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Selected research from leading health care experts whose findings have a direct bearing on public policies effecting medical progress. Research is chosen based on its quality and relevance by the Medical Progress Today editorial staff.

Selected Research

Elderly Not Adherent to Concomitant Antihypertensive and Lipid-Lowering Therapy
Medscape, 5-10-06

Controlling the progression of expensive diseases with inexpensive treatments—for instance, using statin drugs to lower a patient's high cholesterol in order to prevent a heart attack—is one of the ways that modern medicine can help lower the total cost of health care. This assumes, of course, that existing treatments to control disease are being used effectively by patients who can most benefit from them. Unfortunately, recent studies suggest that many of the patients most at risk for high–cost complications from diabetes or heart disease are using disease management treatments sporadically or improperly even when they are prescribed. This study, for instance, reported data showing that:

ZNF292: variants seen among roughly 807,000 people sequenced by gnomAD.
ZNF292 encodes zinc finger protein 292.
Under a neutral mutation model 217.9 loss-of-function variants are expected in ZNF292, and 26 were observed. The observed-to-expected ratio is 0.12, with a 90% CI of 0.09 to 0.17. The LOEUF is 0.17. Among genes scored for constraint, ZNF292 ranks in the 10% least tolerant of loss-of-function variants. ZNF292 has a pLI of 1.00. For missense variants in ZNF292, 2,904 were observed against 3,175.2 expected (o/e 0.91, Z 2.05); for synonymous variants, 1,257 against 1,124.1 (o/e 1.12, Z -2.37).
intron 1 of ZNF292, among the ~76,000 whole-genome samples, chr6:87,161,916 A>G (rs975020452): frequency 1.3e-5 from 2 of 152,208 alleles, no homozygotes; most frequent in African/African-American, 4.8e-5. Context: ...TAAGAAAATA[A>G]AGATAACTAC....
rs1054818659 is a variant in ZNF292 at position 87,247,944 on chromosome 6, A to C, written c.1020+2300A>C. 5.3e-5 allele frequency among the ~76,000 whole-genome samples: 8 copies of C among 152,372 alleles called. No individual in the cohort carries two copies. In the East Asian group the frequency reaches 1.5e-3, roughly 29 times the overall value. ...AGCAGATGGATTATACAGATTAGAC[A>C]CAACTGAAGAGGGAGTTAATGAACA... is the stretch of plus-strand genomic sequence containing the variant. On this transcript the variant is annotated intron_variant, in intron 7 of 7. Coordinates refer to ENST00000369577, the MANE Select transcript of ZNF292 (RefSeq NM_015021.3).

...only 32.9% [of elderly patients] took concomitant antihypertensive and lipid-lowering medication as prescribed.

"This study emphasizes the importance of considering adherence when caring for high-risk older patients," Dr. Richard H. Chapman commented to Reuters Health. "Despite the relatively high cardiovascular risk of these patients with both hypertension and dyslipidemia, surprisingly few patients were adherent to prescribed medications." … Patients took more of one class of drug or the other, with an additional 27.8% to 35.0% adherent to one medication at each time point over the estimates of adherence for both. Adherence to antihypertensive therapy was higher than with statin therapy.

"From the data in this study we cannot say why adherence was lower with lipid-lowering agents," Dr. Chapman said. "Such differences could be due to differences in side effects or other factors... For example, patients may believe that their high blood pressure is more of a problem than their high cholesterol." However, "we have no way to tell this for sure from this study."

The researchers found that if both drugs were prescribed at the same time, adherence to both was higher, with an adjusted odds ratio of 1.13. Patients with existing heart disease were more motivated to take medications as prescribed, with an adjusted odds ratio of 1.27 for adherence to both.

Until we have better tools to monitor high-risk patients and help them use pharmaceuticals effectively, our attempts to control health care costs through preventative medicine will lack in effectiveness.



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